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The Guru of Love

Upadhyay Samrat

Editeur - Casa editrice

Mariner Books


Anno - Date de Parution


Pagine - Pages


Lingua - language - langue


The Guru of Love The Guru of Love  

Set against a backdrop of prodemocracy unrest in contemporary Katmandu, The Guru of Love tells the story of a lowly tutor who ends up in a most irregular domestic mÚnage. Ramchandra lives in a shabby apartment house with his well-born wife and their children. He doesn't plan on becoming a cad, but when a beautiful young single mother named Malati becomes his student, he's drawn into a relationship with her. A powerful ambivalence marks his romance with the girl: "He had an urge to walk toward Tangal, knock on Malati's door, and tell her not to come to his house anymore, that he could no longer tutor her. Or perhaps crawl into bed next to her." When Ramchandra's wife Goma finds out about the affair, she has a unique solution--she asks Malati and her baby daughter to move into their apartment. Goma sleeps with the children and instructs the adulterous couple to share the master bedroom. She insists,: "Why don't you two go inside the bedroom, and I'll bring you some food." This license sits uneasily upon Ramchandra, much as democratic liberation sits uneasily upon the old city of Katmandu. The Guru of Love is ultimately a sweet, sad look at an indestructible family. It also gives us, in Ramchandra's wife Goma, a surprising, cunning, and altogether charming heroine. --Claire Dederer --This text refers to the Hardcover edition.

From Publishers Weekly
"The days crept on, and Goma and the children didn't come home. He felt their absence in his bones, his chest, the membranes of his throat so that at times it was difficult for him to speak." Yet Ramchandra, a math teacher in 1990s Nepal, is responsible for their absence. He has become infatuated with one of his tutees, 15-year-old single mother Malati. Unable to endure his obsession, his wife, Goma, has fled to her parents' home with pubescent Sanu and her younger brother, Rakesh. But nothing-neither infidelity nor her rich parents' scorn for a son-in-law who can barely afford a dilapidated apartment with outdoor plumbing-diminishes Goma's love for Ramchandra. Eventually, she returns home with the brilliant proviso that Malati and her infant move in as well, sleeping in the master bedroom with Ramchandra. Set in Kathmandu against a background of political upheaval, Upadhyay's debut novel (following the acclaimed short story collection Arresting God in Kathmandu) is stunning in its simplicity and emotional resonance. The language captivates the reader with its singular, intimate weave of English and Nepali. One experiences this book as Ramchandra experiences his life: not at a reflective distance but swept away by it. The background, too, is vivid: the social fabric of Kathmandu, particularly the turmoil of the pro-democracy movement and the growing urbanization of an ancient city, is conveyed with detailed realism. Upadhyay, who left Kathmandu for the U.S. at 21 and teaches in Cleveland, reminds us that stories grounded in a specific place and time are the most universal. The Nepali heart is the human heart. Goma, Ramchandra, Malati, the children and the beautifully drawn minor characters are at once themselves and all of us.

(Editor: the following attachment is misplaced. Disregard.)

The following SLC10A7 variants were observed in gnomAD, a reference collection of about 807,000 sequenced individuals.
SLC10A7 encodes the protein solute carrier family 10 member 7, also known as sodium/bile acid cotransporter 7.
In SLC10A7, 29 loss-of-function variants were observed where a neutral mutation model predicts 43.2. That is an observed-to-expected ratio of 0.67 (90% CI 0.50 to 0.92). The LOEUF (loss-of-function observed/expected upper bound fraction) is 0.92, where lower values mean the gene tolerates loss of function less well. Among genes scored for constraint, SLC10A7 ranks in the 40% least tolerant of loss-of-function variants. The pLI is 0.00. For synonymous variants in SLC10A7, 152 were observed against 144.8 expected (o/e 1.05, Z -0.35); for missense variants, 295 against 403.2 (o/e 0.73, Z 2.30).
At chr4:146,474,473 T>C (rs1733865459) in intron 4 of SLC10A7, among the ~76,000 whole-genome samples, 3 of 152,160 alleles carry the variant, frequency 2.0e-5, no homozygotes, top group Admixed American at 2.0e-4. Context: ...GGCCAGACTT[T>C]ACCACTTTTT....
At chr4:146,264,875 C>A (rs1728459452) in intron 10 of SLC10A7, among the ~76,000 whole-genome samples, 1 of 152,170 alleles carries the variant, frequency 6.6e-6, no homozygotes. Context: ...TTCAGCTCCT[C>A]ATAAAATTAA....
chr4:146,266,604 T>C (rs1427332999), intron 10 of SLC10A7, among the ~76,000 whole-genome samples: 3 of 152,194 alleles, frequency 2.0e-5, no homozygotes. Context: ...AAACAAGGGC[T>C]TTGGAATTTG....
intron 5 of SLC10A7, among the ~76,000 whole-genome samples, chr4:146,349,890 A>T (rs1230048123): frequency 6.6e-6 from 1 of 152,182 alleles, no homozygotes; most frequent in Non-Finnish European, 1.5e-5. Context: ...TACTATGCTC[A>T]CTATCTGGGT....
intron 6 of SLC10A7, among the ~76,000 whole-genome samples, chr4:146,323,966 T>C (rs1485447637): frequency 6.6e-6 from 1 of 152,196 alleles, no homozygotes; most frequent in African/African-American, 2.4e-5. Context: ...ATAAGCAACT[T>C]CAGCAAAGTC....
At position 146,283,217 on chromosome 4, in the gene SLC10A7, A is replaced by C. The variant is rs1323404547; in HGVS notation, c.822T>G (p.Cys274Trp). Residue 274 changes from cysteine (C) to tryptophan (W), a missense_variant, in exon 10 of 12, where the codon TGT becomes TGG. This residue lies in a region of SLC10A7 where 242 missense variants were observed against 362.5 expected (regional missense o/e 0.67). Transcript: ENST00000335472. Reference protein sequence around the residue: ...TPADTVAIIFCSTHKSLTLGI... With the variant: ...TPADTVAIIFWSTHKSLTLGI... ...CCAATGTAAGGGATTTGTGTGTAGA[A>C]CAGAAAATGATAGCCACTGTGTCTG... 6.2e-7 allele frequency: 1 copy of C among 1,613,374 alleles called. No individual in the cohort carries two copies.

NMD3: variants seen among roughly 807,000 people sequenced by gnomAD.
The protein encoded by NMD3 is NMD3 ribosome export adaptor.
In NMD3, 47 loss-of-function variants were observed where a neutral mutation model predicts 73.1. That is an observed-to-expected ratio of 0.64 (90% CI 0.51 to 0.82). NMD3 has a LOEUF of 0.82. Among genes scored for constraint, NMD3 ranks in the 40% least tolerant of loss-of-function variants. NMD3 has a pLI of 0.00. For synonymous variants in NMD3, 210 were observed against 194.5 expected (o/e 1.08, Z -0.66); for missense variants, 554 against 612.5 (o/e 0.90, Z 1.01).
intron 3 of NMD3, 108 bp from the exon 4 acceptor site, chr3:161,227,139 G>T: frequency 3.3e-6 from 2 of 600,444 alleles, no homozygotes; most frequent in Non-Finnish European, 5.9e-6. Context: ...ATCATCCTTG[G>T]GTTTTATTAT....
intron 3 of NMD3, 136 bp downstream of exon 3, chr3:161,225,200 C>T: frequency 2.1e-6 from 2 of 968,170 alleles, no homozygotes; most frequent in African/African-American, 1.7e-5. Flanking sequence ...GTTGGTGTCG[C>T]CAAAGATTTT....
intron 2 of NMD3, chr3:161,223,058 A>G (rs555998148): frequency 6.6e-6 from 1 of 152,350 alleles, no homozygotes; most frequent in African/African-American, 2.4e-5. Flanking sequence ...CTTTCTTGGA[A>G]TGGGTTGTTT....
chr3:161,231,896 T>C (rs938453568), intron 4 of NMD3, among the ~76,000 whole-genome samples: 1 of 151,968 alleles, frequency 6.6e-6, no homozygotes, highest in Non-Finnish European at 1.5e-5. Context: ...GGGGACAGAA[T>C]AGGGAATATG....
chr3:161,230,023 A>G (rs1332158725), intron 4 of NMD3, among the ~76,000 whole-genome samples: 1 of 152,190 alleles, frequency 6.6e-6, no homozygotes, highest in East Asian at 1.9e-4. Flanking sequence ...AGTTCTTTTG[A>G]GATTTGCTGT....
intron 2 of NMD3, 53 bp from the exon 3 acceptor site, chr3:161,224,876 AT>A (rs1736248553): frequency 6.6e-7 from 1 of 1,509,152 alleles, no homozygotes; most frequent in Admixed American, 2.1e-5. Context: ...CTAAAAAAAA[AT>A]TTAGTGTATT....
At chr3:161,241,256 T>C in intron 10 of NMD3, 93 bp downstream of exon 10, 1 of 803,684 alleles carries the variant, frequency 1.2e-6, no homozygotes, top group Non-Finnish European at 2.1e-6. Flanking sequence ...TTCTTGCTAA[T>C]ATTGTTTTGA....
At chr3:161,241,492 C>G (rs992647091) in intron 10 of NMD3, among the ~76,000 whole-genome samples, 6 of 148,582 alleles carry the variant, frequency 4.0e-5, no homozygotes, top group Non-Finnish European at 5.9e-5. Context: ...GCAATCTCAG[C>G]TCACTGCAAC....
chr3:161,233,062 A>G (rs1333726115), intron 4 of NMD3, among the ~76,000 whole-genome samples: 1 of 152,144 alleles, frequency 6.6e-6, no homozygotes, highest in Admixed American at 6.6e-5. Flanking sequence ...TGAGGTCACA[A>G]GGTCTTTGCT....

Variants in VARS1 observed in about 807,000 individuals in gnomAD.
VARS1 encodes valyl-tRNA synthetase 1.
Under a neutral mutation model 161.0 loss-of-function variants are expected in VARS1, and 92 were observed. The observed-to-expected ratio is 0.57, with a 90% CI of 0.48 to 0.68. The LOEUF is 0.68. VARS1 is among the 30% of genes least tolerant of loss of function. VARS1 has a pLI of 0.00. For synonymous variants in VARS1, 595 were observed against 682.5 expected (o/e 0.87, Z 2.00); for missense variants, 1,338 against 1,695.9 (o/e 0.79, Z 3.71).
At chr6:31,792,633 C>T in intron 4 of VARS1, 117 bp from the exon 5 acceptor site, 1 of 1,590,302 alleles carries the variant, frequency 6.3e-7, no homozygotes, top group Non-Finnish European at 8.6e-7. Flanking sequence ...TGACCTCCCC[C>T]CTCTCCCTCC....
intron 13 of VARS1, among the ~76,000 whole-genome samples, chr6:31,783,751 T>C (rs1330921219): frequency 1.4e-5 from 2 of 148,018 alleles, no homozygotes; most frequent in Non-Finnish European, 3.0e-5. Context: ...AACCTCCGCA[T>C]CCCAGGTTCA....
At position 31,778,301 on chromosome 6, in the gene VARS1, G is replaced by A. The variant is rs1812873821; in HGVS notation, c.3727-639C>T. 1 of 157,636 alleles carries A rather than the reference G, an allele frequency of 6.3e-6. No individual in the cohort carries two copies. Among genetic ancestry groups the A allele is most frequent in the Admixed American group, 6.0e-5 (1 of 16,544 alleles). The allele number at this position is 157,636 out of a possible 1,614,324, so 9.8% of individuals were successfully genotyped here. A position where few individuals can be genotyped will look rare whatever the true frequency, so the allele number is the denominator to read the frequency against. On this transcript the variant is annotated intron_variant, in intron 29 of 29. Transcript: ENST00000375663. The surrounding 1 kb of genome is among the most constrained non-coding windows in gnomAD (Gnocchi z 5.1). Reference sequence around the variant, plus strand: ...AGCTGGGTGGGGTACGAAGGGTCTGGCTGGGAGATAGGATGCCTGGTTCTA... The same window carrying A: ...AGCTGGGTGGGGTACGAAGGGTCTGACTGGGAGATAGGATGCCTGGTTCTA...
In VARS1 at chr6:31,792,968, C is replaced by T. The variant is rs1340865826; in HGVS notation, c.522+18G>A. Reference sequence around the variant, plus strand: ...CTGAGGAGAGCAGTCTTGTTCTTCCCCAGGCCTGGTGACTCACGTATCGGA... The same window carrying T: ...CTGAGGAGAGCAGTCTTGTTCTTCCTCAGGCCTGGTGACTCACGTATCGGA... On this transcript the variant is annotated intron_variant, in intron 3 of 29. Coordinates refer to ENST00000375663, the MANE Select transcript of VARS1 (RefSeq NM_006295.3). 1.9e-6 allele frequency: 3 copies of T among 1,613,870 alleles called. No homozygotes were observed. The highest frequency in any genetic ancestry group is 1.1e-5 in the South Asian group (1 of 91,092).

Upadhyay Samrat

(aggiornata al 9 febbraio 2006)
Samrat Upadhyay is the first Nepali-born fiction writer writing in English to be published in the West. His first book, the short story collection ARRESTING GOD IN KATHMANDU (Houghton Mifflin, 2000; Houghton Mifflin Mariner Books paperback, 2001) has been translated into French and Greek and was the recipient of a Whiting Writers' Award, given annually by the Mrs. Giles Whiting Foundation to emerging poets and fiction writers who display "exceptional talent and promise." ARRESTING GOD IN KATHMANDU was also a selection in the Fall 2001 Barnes & Noble Great Writers Program. Upadhyay's stories have been read live on National Public Radio and published widely as well as in SCRIBNER'S BEST OF THE WRITING WORKSHOPS, edited by Sherman Alexie, and BEST AMERICAN SHORT STORIES 1999, edited by Amy Tan.

Upadhyay's second book, the novel THE GURU OF LOVE, was published in January 2003 by Houghton Mifflin and given starred reviews in both Publishers Weekly and The Library Journal and named a New York Times Notable Book of the Year 2003 and a finalist for the 2004 Kiriyama Prize, which is awarded in "recognition of outstanding books that promote greater understanding of and cooperation among the peoples and nations of the Pacific Rim and South Asia." THE GURU OF LOVE was released in paperback by Mariner Books/Houghton Mifflin in 2004. Upadhyay has also co-edited the anthology SECRET PLACES: NEW WRITING FROM NEPAL (University of Hawai'i Press), published in Winter 2001 as a special issue of Manoa magazine.